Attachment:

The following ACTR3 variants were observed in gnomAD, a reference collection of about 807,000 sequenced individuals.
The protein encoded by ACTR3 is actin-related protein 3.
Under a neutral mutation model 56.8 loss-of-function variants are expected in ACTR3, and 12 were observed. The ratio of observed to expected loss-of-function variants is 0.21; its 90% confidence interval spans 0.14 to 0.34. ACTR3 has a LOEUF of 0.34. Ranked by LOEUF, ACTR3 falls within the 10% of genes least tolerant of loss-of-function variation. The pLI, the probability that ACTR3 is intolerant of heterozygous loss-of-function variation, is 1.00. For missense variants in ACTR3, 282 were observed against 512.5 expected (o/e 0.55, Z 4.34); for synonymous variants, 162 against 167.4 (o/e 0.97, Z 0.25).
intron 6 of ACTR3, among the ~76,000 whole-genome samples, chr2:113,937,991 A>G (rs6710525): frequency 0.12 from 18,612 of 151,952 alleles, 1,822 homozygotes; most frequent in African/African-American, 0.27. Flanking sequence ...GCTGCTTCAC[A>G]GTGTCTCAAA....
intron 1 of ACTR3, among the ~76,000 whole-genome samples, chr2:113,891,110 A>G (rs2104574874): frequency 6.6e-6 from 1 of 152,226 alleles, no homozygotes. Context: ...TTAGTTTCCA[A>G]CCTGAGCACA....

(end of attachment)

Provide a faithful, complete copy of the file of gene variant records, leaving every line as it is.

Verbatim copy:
The following ACTR3 variants were observed in gnomAD, a reference collection of about 807,000 sequenced individuals.
The protein encoded by ACTR3 is actin-related protein 3.
Under a neutral mutation model 56.8 loss-of-function variants are expected in ACTR3, and 12 were observed. The ratio of observed to expected loss-of-function variants is 0.21; its 90% confidence interval spans 0.14 to 0.34. ACTR3 has a LOEUF of 0.34. Ranked by LOEUF, ACTR3 falls within the 10% of genes least tolerant of loss-of-function variation. The pLI, the probability that ACTR3 is intolerant of heterozygous loss-of-function variation, is 1.00. For missense variants in ACTR3, 282 were observed against 512.5 expected (o/e 0.55, Z 4.34); for synonymous variants, 162 against 167.4 (o/e 0.97, Z 0.25).
intron 6 of ACTR3, among the ~76,000 whole-genome samples, chr2:113,937,991 A>G (rs6710525): frequency 0.12 from 18,612 of 151,952 alleles, 1,822 homozygotes; most frequent in African/African-American, 0.27. Flanking sequence ...GCTGCTTCAC[A>G]GTGTCTCAAA....
intron 1 of ACTR3, among the ~76,000 whole-genome samples, chr2:113,891,110 A>G (rs2104574874): frequency 6.6e-6 from 1 of 152,226 alleles, no homozygotes. Context: ...TTAGTTTCCA[A>G]CCTGAGCACA....